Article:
It’s hard to escape all of the political news right now. If you keep an eye out, you can take something away from all the talking heads that you can use at work.
Take some of the stories about vice presidential candidate, Governor Sarah Palin. The one that grabbed headlines recently was the story that Palin told the Alaska Public Safety Commissioner to fire Palin’s brother-in-law. She wanted him canned, the story goes, because Palin heard her sister arguing with him, and may have heard that he wanted to harm Palin’s dad. The Commissioner declined to fire the brother-in-law, so Palin got rid of the Commissioner. Palin denies firing the Commish for this, or that he was ever pressured to fire her brother-in-law, but the matter is currently under investigation.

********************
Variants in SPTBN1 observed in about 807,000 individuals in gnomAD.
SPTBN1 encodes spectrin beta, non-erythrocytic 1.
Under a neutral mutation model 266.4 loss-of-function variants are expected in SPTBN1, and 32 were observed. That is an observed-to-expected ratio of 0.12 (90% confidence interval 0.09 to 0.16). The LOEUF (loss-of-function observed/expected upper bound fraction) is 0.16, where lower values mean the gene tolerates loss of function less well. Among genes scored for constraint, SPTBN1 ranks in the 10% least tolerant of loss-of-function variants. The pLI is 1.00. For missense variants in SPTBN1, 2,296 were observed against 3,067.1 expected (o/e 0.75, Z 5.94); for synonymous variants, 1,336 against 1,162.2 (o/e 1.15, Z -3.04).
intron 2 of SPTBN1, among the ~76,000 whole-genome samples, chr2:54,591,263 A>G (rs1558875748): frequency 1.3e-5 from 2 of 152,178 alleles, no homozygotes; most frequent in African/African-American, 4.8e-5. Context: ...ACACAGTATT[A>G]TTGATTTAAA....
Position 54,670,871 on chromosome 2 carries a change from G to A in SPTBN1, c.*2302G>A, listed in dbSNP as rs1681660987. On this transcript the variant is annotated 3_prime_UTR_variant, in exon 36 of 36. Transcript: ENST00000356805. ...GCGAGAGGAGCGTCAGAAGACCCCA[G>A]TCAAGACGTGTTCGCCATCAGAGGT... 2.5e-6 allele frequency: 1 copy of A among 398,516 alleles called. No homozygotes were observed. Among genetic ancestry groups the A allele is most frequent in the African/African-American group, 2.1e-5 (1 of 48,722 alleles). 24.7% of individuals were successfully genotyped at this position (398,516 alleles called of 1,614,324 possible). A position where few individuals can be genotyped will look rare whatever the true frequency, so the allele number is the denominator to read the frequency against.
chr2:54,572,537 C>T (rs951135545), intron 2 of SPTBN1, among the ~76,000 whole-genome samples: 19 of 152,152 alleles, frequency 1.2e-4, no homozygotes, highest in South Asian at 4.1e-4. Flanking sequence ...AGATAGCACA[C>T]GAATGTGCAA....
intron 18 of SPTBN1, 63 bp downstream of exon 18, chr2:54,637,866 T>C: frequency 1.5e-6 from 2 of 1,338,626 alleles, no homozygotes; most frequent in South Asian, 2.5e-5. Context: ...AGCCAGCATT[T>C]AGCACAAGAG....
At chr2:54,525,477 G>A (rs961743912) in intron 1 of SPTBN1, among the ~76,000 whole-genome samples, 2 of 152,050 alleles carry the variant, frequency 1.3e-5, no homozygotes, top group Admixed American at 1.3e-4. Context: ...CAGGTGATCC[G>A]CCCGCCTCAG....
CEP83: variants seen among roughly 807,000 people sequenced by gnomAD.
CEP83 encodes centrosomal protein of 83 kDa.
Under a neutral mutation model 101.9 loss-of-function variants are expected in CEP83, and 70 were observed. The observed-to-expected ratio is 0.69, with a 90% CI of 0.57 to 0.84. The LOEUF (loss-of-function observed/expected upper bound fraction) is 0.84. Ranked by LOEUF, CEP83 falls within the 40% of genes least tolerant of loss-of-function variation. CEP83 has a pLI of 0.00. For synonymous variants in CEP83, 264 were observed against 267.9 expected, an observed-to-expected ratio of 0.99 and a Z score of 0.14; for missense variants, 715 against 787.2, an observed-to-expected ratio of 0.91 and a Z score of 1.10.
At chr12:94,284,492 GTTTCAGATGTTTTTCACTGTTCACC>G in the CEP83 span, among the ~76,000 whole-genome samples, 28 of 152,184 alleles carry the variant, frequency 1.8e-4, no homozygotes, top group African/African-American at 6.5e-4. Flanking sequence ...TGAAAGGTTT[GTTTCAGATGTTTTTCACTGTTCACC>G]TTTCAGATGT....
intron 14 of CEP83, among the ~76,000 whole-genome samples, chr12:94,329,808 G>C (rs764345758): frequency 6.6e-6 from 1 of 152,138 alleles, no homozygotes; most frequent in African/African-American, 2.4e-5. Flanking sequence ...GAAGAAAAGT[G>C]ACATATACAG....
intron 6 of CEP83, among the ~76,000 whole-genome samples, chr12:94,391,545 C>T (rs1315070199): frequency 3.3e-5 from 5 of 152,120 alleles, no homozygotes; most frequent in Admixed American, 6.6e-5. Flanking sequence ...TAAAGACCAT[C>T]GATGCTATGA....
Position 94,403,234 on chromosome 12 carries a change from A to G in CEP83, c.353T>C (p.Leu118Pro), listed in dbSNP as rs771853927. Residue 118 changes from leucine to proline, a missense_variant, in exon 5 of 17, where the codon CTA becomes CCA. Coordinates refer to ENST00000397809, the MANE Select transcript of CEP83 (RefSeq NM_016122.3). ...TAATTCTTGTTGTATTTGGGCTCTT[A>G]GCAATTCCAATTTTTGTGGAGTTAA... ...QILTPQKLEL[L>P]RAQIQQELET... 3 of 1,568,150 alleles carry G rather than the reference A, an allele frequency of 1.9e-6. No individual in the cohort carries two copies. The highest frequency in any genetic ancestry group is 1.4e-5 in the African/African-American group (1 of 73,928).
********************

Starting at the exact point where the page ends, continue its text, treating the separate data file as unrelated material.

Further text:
What can we take from this? Well, how about perception is everything. Think of The Office “Did I Stutter” episode in which Michael tried to fire Stanley. Not only did Michael make his usual inappropriate racial comments (calling Stanley a beautiful, sassy, powerful black man, for instance), but he created such a scene that Kevin was calling it the clash of the titans. Not ideal. And not so different from the Sarah Palin brother-in-law issue.
Maybe I’m naive, but I’m pretty confident that Governor Palin had good reasons for firing her Commish. There was enough wiggle room, however, to let people spin things. It serves as a good reminder: You always want to have a clear and articulable reason that you’re firing someone. Failing to do so can lead to misunderstandings, low morale, and even lawsuits and investigations. Though you can never guard against opportunists, handling things more directly can really minimize risks and let us focus on the real issues of the day. Like whether Obama knew what he was saying when he talked about putting “lipstick on a pig.”